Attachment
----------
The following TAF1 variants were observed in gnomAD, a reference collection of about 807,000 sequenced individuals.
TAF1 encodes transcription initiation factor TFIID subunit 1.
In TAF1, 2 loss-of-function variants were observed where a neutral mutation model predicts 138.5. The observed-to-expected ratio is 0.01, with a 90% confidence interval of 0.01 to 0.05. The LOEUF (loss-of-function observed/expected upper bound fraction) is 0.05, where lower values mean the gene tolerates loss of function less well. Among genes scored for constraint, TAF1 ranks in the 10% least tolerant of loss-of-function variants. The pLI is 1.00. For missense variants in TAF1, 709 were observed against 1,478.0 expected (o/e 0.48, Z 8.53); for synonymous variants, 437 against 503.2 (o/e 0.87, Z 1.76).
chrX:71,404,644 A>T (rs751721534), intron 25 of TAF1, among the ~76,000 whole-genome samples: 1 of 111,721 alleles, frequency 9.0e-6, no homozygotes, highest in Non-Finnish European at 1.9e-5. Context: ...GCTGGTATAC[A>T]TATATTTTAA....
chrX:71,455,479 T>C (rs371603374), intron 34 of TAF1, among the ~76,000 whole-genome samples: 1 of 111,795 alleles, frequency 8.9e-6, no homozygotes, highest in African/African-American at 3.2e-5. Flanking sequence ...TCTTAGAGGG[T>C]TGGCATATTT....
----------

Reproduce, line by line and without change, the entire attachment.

The following TAF1 variants were observed in gnomAD, a reference collection of about 807,000 sequenced individuals.
TAF1 encodes transcription initiation factor TFIID subunit 1.
In TAF1, 2 loss-of-function variants were observed where a neutral mutation model predicts 138.5. The observed-to-expected ratio is 0.01, with a 90% confidence interval of 0.01 to 0.05. The LOEUF (loss-of-function observed/expected upper bound fraction) is 0.05, where lower values mean the gene tolerates loss of function less well. Among genes scored for constraint, TAF1 ranks in the 10% least tolerant of loss-of-function variants. The pLI is 1.00. For missense variants in TAF1, 709 were observed against 1,478.0 expected (o/e 0.48, Z 8.53); for synonymous variants, 437 against 503.2 (o/e 0.87, Z 1.76).
chrX:71,404,644 A>T (rs751721534), intron 25 of TAF1, among the ~76,000 whole-genome samples: 1 of 111,721 alleles, frequency 9.0e-6, no homozygotes, highest in Non-Finnish European at 1.9e-5. Context: ...GCTGGTATAC[A>T]TATATTTTAA....
chrX:71,455,479 T>C (rs371603374), intron 34 of TAF1, among the ~76,000 whole-genome samples: 1 of 111,795 alleles, frequency 8.9e-6, no homozygotes, highest in African/African-American at 3.2e-5. Flanking sequence ...TCTTAGAGGG[T>C]TGGCATATTT....